The Brexit threat by the British Prime Minister David Cameron lays bare Europe's weaknesses, says Aart De Geus. An op-ed by the chairman and CEO of the Bertelsmann Stiftung on the United Kingdom's possible exit from the European Union.
At the forthcoming EU summit the threat of the United Kingdom's exit from the European Union, the "Brexit", is set to dominate the discussion alongside the refugee crisis. Let there be no illusions: according to calculations by the Bertelsmann Stiftung, economically speaking there would only be losers following a Brexit. It would further weaken Europe's position in a global world, and would turn Great Britain into "Little England", given the then likely scenario of a break-away by Scotland. A Brexit would also be a loss for Europe's powerhouse Germany, as Berlin would have one important European ally less to deepen the internal market, to open world trade and to consolidate public finances.
The reform proposals presented by the president of the EU Council, Donald Tusk, address Cameron's demands, but some crucial details remain to be clarified – the really critical negotiations are only just beginning and require strategic vision. Cameron's demands may seem irritating and inappropriate in the face of the current crises. However, let's use his impetus for a pragmatic discussion about Europe's future and for strengthening the acceptance of Europe amongst its citizens.
With his demands for more competitiveness, Cameron is only calling for what Europe has subscribed to for a long time already, but unfortunately has rarely implemented in practice. The Brexit-dynamic should thus be used for a new dynamic for competitiveness.
With his concerns around immigration and the misuse of social benefits, Cameron is touching a raw nerve of nearly all member states. The "emergency brake" that has now been proposed could well be an instrument favoured not only by the British. All Europeans should still be able to travel freely and have the right to work anywhere in the EU. At the same time, the phenomenon of benefit tourism has to be addressed.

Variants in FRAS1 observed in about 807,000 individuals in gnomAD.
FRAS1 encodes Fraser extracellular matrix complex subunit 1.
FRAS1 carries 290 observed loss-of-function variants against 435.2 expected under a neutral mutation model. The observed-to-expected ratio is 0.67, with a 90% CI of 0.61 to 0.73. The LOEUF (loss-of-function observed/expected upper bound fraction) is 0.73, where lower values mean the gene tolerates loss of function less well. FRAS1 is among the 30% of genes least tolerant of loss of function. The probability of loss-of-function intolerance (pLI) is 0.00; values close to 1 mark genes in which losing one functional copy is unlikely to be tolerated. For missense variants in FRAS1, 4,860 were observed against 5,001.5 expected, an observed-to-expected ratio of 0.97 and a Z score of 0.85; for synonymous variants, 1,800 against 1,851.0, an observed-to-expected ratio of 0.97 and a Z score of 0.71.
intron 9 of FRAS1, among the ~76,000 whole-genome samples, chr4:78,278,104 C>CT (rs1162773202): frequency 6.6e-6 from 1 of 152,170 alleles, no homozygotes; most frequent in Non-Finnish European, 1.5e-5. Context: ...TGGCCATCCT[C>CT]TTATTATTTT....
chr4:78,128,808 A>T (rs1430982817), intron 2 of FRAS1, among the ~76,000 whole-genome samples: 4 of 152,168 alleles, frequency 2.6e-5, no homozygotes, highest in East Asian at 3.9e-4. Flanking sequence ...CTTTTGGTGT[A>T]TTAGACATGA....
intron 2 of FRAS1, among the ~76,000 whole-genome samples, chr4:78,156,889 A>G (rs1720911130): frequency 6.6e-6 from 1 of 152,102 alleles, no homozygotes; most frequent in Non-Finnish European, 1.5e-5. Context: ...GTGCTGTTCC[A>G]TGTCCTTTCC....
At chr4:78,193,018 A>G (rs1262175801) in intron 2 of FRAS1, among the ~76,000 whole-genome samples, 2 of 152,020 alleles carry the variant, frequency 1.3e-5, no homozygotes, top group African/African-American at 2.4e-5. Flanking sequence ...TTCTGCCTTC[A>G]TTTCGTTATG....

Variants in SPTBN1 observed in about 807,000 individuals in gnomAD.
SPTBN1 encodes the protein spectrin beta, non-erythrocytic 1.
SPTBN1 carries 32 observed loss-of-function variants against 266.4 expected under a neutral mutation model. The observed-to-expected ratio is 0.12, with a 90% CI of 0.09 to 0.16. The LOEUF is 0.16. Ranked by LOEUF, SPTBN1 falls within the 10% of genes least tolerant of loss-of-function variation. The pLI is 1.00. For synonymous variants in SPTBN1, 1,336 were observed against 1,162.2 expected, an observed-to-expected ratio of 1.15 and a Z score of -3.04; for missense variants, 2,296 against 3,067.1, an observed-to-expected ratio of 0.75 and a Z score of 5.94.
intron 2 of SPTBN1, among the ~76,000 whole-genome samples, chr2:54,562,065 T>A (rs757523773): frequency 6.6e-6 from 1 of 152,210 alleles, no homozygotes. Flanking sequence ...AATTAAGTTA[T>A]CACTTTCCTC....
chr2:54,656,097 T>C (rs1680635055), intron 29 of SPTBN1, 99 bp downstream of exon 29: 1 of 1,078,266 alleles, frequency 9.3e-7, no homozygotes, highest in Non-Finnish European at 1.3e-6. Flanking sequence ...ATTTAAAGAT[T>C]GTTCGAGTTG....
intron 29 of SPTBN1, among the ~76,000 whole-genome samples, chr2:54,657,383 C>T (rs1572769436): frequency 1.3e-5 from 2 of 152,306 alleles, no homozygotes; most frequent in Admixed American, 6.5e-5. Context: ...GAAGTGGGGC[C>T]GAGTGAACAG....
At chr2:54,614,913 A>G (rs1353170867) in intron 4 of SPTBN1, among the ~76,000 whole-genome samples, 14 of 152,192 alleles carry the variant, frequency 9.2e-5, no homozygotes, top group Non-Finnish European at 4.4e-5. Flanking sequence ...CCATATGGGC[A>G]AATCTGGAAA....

Therefore, Cameron's demands ought not to be met with a total incomprehension or categorical rejection at the EU summit. It is not only the British who are identifying less and less with more and more Europe. They want to be understood, not lectured. Europe must free itself from the constraint of the ever-continuing integration by all and embark on a process of deepening by some and based on demand. That would be a Europe with many different speeds and several levels – a "multi-track Europe" that is not opposed to a Europe of diversity. We must counter the current stagnation with pragmatism. The EU instrument of enhanced cooperation already exists and should be used more forcefully. That concerns issues ranging from monetary union to border controls.
Recent studies carried out by the Bertelsmann Stiftung showed that European citizens, including those in the United Kingdom, continue to cherish the idea of a united Europe and expect more security and more prosperity from the EU. This desire of EU-citizens should steer European heads of government at the summit. Citizens want a strong Europe, not one that is falling apart.
This article was published as op-ed in the German newspaper "Handelsblatt".